- Focusing on one single sport all year long is happening as early as 12-14 years of age.
- Only 61 percent of pro athletes thought specializing in a sport early on helps advance your career, while nearly 80 percent of high school athletes believed the same.
Texas Orthopedics is the largest provider of comprehensive musculoskeletal services in Central Texas. We provide specialized expertise and broad experience in the areas of general orthopedics, sports medicine, joint replacement, spine, foot, ankle, hand, shoulder, elbow surgery and non-operative spine and neck care. Six locations in Northwest Austin, Central Austin, South Austin, Round Rock, Cedar Park and Marble Falls to better serve you.
Monday, March 27, 2017
Monday, March 20, 2017
At Texas Orthopedics, we frequently prescribe regular exercise as a way to help treat arthritis. The movement helps with flexibility and keeps joints well-lubricated. Exercise is shown to help alleviate arthritis symptoms and pain by up to 40 percent.
If exercise is not enough, and you still have trouble managing your arthritis, please contact us for an appointment.
(Courtesy of CNN-Health)
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- Ensuring that shoes fit properly.
- Taking time to warm up before each practice and game, and taking time off to rest in between games.
- Learning correct landing techniques to combat the pressures of non-stop leaping and jumping.
- Fueling up with adequate amounts of calcium and Vitamin D for strong bones.
Monday, March 13, 2017
- Sports that require quick cutting or weaving, along with frequent pivoting, are the riskiest for ACL tears--such as soccer, basketball, and football.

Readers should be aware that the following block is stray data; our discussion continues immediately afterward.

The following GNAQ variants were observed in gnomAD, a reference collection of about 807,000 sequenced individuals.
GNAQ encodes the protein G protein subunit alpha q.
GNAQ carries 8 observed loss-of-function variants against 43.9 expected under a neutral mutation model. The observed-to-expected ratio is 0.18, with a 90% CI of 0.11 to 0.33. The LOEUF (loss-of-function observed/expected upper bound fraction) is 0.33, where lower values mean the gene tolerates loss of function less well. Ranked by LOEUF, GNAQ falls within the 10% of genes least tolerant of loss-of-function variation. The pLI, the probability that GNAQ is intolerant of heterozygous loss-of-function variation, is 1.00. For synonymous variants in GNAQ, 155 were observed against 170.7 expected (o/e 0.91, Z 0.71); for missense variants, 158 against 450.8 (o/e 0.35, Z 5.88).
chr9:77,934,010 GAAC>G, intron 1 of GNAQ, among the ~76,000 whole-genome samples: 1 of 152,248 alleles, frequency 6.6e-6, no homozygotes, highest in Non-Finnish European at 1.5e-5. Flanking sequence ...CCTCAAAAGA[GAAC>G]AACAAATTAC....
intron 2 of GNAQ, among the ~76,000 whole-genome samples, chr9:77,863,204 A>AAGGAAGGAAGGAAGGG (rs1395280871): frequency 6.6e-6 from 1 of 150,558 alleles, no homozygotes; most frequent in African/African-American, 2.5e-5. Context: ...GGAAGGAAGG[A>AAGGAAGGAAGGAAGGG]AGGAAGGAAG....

- Lack of cross-training in multiple sports, employing various muscle groups, leads to “overuse injuries” when the same sport is played over and over. This contributes to stressed and weakened ligaments that are ripe for a tear or injury.
- Athletic trainers, coaches, physicians, and parents are getting better at recognizing the signs of an ACL injury resulting in more definitive and frequent diagnoses.
Monday, March 6, 2017
- Ski or snowboard with a buddy. If you do opt to go solo, let someone else know your whereabouts.
- Warm up before you head out, just as with any sport. A few minutes of jumping rope, jumping jacks, or light stretching will get your blood flowing and prepare muscles, tendons, and ligaments for the workout ahead.
- Wear proper protective gear at all times, including a helmet (especially a helmet!), eye goggles, and gloves.
- Have all equipment fitted and checked by a professional before using it, especially ski boots. Ensure that all fasteners work well and that nothing is either too loose or too snug.
- Always pay attention to weather conditions for the day and heed any warnings from the National Weather Service, the ski patrol, or your resort.
- Wiggle your way throughout the day by frequently checking on toes and fingers to avoid getting frostbite. You should always be able to move and feel these extremities even as they are tightly bundled up. If you have lost sensation at all, find shelter and warmth before removing garments, and seek medical help immediately.
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